Reference > Cambridge History > Cavalier and Puritan > John Bunyan. Andrew Marvell > Grace Abounding
  The influence which moulded him Bunyan’s language  


The Cambridge History of English and American Literature in 18 Volumes (1907–21).
Volume VII. Cavalier and Puritan.

VII. John Bunyan. Andrew Marvell.

§ 3. Grace Abounding.

The last of these, Grace Abounding to the Chief of Sinners, which appeared in 1666, is the first of the four outstanding creations of his genius. It is really his own autobiography, an intense record, written after he had “tarried long at Sinai to see the fire and the cloud and the darkness,” and it has been recognised as one of the great books of the world on religious experience, and not unworthy to take its place by the side of the Confessions of Augustine. Another book which preceded this by a year, entitled The Holy City, or the New Jerusalem, is of interest to us as being a kind of foregleam of that celestial city to which, in after days, he conducted the pilgrims of his dream. At one time, there were no fewer than sixty other nonconformists in prison with him under the new Conventicle act of 1664, and they were accustomed to hold religious services among themselves in the common room of the county gaol. As he tells us in his preface to the book in question, it was his turn one Sunday morning to speak to the rest; but he felt so empty and spiritless that he thought he would not be “able to speak among them so much as five words of truth with light and evidence.” However, as he turned over the pages of his Bible, in the book of Revelation, his eye lit upon the glowing picture of the city of God coming down out of heaven, her light like unto a stone most precious as it were a jasper stone clear as crystal. Musing upon this glowing vision, seen by that other prisoner in Patmos, Bunyan says, “Methought I perceived something of that jasper in whose light this holy city is said to come or descend;” and the Lord helped him to set this great hope before his brethren: “we did all eat and were well-refreshed.” But the matter did not end there. When the sermon was over, the vision splendid rose before his mind again:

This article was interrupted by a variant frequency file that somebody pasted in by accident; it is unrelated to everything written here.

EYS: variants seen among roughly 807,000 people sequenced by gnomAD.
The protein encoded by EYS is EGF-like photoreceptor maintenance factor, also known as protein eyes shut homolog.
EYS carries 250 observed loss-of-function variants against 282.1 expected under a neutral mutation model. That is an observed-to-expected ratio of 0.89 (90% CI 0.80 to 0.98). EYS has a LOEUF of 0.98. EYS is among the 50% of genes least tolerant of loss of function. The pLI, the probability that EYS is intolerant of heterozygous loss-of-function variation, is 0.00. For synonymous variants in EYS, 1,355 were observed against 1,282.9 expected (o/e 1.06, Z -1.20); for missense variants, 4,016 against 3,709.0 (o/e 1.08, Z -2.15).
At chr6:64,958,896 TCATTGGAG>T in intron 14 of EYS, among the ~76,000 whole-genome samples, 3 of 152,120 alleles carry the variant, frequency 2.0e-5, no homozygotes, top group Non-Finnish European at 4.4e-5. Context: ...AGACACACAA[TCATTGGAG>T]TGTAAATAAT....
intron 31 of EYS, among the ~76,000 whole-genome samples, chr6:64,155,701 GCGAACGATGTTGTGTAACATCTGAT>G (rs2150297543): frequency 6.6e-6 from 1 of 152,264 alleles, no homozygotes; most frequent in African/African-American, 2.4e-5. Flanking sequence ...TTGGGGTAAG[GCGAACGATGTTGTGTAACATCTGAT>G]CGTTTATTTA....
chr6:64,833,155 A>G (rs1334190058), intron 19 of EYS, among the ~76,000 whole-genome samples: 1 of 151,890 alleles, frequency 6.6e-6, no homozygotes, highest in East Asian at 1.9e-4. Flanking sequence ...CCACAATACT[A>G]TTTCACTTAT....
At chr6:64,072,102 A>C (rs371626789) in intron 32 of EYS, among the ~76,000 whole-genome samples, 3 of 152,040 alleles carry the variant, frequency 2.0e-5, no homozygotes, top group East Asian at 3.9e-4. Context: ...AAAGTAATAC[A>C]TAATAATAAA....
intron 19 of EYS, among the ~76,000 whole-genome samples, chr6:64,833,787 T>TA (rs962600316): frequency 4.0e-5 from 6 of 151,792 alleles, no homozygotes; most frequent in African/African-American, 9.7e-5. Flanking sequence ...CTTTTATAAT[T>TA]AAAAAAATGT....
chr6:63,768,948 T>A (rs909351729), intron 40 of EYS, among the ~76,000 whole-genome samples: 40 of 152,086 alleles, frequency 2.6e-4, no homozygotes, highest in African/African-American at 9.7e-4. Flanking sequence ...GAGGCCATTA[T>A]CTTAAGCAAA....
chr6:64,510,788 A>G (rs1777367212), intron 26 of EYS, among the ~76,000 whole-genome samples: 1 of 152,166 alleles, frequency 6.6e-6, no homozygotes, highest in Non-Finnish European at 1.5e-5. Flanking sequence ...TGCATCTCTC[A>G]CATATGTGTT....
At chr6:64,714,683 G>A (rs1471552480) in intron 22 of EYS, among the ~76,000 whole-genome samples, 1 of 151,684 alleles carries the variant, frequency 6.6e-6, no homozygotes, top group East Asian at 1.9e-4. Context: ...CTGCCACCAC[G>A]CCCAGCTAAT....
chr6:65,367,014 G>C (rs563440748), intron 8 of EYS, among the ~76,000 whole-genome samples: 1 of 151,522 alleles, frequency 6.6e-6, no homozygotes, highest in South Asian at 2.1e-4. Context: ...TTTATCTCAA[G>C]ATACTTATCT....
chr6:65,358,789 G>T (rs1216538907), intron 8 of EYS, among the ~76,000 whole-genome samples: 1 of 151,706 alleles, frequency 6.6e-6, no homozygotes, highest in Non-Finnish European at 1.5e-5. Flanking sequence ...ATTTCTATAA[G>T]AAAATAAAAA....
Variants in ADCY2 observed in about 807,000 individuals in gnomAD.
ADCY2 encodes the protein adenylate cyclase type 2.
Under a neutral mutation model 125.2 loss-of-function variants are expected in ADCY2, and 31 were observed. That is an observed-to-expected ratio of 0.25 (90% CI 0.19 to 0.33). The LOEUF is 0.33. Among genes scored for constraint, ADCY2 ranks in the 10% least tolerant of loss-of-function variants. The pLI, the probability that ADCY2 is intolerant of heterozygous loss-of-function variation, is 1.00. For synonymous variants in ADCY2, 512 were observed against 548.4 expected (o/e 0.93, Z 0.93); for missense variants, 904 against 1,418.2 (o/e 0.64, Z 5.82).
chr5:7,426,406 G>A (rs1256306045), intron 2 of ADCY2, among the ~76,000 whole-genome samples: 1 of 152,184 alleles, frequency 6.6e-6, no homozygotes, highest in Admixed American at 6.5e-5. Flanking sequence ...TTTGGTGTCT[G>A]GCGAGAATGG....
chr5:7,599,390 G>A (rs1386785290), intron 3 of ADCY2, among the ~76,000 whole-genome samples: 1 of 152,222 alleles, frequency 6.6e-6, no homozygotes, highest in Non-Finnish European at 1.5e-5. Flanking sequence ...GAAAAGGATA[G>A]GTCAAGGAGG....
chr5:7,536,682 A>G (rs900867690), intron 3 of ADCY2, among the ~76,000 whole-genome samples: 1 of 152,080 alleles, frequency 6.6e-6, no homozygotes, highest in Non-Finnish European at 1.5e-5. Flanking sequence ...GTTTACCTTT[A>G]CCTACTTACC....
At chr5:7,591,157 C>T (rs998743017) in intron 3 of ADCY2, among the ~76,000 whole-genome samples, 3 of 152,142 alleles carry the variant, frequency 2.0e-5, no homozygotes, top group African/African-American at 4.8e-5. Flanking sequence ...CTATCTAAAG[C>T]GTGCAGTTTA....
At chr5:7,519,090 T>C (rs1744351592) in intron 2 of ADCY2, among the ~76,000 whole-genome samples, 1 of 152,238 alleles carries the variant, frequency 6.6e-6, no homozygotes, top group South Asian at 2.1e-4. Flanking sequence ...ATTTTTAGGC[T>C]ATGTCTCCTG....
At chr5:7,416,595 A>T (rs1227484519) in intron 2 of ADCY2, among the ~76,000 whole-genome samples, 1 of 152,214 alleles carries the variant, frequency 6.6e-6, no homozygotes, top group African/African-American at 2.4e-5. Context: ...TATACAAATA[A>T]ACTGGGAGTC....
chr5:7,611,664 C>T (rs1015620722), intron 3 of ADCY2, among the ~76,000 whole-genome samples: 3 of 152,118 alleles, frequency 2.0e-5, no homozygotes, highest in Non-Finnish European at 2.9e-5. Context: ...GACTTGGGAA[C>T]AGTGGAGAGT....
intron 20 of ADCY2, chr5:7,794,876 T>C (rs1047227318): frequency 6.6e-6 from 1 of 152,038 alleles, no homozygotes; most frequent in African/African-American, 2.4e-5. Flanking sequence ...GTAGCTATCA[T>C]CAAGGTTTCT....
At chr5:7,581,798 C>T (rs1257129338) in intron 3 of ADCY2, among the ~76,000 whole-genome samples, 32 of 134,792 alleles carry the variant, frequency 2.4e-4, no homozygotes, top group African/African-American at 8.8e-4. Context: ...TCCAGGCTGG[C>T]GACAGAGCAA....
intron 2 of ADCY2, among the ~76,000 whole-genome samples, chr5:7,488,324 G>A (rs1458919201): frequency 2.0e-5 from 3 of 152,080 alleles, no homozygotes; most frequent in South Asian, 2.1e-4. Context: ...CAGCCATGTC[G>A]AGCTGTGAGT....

the more I cast mine eye upon it the more I saw lie in it. Wherefore setting myself to a more narrow search, through frequent prayer to God, what first with doing and then with undoing, and after that with doing again, I thus did finish it.

  The influence which moulded him Bunyan’s language  

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